The Views of Mental illness

By Raabiah and Amanda

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To Begin With...

The perspectives of people towards the mentally ill over the years have improved significantly from the 19th century to the 21st century with all the new technology and understanding developed into better treatments.
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Sources

  • A History of Treatment for Mental Illness from the Washington Post by unknown.
  • A solution that now looks crazy from The New York Times by Richard A. Friedman.
  • Girl Scouts Engage in the Fight Against Mental Illness Stigma with Mental Awareness Patch from Mental Health Weekly Digest by unknown.

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A history of treatment for mental illness

POSITION:

The mentally ill are treated better now than in 19th century.

DETAILS:

  1. In the 19th century, the mentally ill were forced to comply with cruel and ineffective treatments.
  • Abuse was widespread.

2. Since atrocious conditions are exposed patients demand more rights.

3. Overcrowded, state run facilities are slowly replaced by community-based treatments as drugs to control mental illness gain support.

4. In the late 20th century the Supreme Court ruled the state cannot hold someone who can live on their own and are not dangerous.

ANALYSIS:

This article shows how the treatments changed from the 19th century to the late 20th century. It started as cruel and barbaric and developed into more considerate and open-minded care.

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A Solution That Now Looks Crazy

POSITION:

The government helped create better mental facilities.

DETAILS:

1.Before the government changed the way that the mentally ill were treated there were good intentions, but bad actions.

2. In 1963 the government was trying to reform the disgraced mental facilities. The officials let out many patients, but they ended up in jails and prisons and nursing homes and homeless.

ANALYSIS:

Before the government changed the views on the mentally ill, the mentally ill would end up in places that were not correct for their condition. Now, it is different as there isn't mentally ill people ending up in places they should not be in like jails or homeless.

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Girls Scouts Engage in the fight against Mental Illness Stigma

POSITION:

The Girls Scouts decide to help erase the stigma on the mentally ill through public education. They believe that just because a person does not have a stable mental condition, it doesn't mean they shouldn't be able to have the rights and opportunities of others.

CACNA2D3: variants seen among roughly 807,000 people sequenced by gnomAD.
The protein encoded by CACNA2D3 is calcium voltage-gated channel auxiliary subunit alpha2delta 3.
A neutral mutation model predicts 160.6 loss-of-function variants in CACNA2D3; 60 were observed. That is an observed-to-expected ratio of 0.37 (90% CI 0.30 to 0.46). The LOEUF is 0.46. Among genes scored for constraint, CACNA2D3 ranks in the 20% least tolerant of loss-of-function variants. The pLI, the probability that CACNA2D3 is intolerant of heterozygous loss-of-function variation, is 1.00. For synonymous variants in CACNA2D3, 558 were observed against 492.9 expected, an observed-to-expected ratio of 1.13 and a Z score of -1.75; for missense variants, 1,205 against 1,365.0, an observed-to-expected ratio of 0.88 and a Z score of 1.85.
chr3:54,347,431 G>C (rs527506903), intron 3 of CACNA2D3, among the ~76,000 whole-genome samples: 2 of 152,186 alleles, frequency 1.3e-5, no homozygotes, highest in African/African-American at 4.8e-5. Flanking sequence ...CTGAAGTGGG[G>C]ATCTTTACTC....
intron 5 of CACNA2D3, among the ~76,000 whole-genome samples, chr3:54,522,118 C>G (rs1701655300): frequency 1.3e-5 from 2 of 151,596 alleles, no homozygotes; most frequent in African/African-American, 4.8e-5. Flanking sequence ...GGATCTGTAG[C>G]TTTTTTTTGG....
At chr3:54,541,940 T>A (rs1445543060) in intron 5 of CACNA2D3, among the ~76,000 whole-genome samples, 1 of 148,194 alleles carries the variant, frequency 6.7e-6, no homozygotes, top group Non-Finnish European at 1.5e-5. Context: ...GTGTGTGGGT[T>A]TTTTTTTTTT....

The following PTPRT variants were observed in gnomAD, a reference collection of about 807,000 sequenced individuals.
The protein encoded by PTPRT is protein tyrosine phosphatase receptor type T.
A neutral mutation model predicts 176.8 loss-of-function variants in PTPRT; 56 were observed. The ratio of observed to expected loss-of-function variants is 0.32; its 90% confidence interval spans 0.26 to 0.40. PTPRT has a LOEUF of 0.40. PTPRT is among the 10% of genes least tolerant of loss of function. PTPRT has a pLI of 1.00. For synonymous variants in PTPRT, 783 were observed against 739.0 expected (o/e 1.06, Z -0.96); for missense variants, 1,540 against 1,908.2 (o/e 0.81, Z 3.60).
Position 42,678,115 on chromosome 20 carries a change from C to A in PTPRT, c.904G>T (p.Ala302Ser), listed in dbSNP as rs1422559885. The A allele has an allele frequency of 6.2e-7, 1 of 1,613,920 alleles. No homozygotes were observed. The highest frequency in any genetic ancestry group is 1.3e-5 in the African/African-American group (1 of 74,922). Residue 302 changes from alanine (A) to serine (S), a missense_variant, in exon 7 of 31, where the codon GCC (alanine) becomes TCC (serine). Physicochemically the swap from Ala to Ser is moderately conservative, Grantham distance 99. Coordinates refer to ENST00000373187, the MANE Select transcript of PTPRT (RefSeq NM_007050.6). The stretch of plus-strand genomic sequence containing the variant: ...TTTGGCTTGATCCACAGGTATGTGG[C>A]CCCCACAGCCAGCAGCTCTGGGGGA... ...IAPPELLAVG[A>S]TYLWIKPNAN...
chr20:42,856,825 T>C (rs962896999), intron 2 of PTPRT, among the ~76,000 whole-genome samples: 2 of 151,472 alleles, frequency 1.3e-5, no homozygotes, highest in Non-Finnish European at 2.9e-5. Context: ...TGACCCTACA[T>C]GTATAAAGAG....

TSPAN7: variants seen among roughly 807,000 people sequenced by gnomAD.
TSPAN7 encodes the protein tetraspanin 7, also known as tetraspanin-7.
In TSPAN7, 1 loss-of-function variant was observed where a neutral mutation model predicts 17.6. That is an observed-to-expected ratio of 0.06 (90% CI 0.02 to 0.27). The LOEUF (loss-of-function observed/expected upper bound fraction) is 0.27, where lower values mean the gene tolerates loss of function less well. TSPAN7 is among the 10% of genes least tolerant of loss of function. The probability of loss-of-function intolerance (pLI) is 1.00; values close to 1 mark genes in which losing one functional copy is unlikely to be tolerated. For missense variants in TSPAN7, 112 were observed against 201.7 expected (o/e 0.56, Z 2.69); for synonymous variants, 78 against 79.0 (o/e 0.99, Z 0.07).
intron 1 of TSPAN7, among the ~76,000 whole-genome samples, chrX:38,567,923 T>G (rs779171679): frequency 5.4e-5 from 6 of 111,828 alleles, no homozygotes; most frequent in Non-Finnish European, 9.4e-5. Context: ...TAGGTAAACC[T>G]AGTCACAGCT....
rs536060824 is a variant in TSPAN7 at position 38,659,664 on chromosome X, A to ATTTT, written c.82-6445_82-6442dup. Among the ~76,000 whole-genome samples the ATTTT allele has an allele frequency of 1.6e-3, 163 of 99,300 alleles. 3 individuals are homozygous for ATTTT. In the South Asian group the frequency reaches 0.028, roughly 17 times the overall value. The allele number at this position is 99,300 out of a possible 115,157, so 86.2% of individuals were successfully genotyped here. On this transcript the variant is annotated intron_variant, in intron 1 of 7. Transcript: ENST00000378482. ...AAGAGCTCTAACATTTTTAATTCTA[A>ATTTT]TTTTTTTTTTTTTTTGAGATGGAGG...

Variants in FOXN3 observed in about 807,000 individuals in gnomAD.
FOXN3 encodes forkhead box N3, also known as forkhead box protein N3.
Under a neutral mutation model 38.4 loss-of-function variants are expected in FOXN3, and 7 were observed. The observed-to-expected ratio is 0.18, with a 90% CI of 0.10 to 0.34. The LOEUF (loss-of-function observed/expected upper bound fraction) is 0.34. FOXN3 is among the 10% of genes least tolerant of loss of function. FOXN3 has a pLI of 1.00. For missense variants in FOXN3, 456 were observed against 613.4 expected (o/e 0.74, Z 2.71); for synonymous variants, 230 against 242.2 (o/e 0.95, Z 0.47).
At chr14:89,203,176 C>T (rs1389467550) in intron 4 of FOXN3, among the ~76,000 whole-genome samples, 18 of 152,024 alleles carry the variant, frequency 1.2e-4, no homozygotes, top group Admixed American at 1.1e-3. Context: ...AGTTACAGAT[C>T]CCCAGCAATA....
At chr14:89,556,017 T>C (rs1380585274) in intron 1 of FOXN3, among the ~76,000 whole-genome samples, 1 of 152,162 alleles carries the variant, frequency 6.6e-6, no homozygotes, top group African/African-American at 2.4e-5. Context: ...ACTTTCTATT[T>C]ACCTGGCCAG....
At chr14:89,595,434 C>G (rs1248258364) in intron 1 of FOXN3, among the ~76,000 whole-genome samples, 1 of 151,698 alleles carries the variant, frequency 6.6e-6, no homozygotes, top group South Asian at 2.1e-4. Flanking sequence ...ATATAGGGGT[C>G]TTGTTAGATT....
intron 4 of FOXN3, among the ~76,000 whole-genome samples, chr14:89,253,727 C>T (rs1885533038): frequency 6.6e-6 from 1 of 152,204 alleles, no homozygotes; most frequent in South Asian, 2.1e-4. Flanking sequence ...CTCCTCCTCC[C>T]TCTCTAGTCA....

DETAILS:

  1. The fight against the mental illness stigma has been taken up by girl scouts.
  2. Mental Illness is more prominent than diabetes and cancer
  3. Approximately, 1 in 4 people will be diagnosed with mental illness in their life.

ANALYSIS:

This article shows how before, public education was a struggle or the mentally ill as they were never really considered for needing further education. Now, public education is available to both the mentally ill and people with normal conditions to help them see more opportunities and not be bound because of their illness.

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Oppositions

  1. 1.The mentally ill still have a stigma and is now less prominent than diabetes and cancer.
  • 1 in 4 people are likely to get diagnosed with a mental illness in their lifetime. It's a pretty big statistic. Mental illness is more common in a lot of people. Mental illnesses have extremes and 1 in 4 people could have either a high extreme or low extreme. 2. In the 19th century, they did what they thought was best since they didn't have as great of technology as we have now.
  • Their means of treating mental illness was humane and inconsiderate of their condition. Though there was no good technology, there were other ways to treat mental illness without forcing them to go through the torture.



3. In the effort to have better mental facilities, the government deinstitutionalized many patients, some of which ended up in jails or prisons. This shows the government did not really care about what happened to the mentally ill.

  • The mental facilities were created to hold the mentally ill and treat them.Some ended up in jails and prisons only if they were responsible for an illegal action. Mental facilities isolated the mentally ill to prevent any other person unknown to their condition from harming them.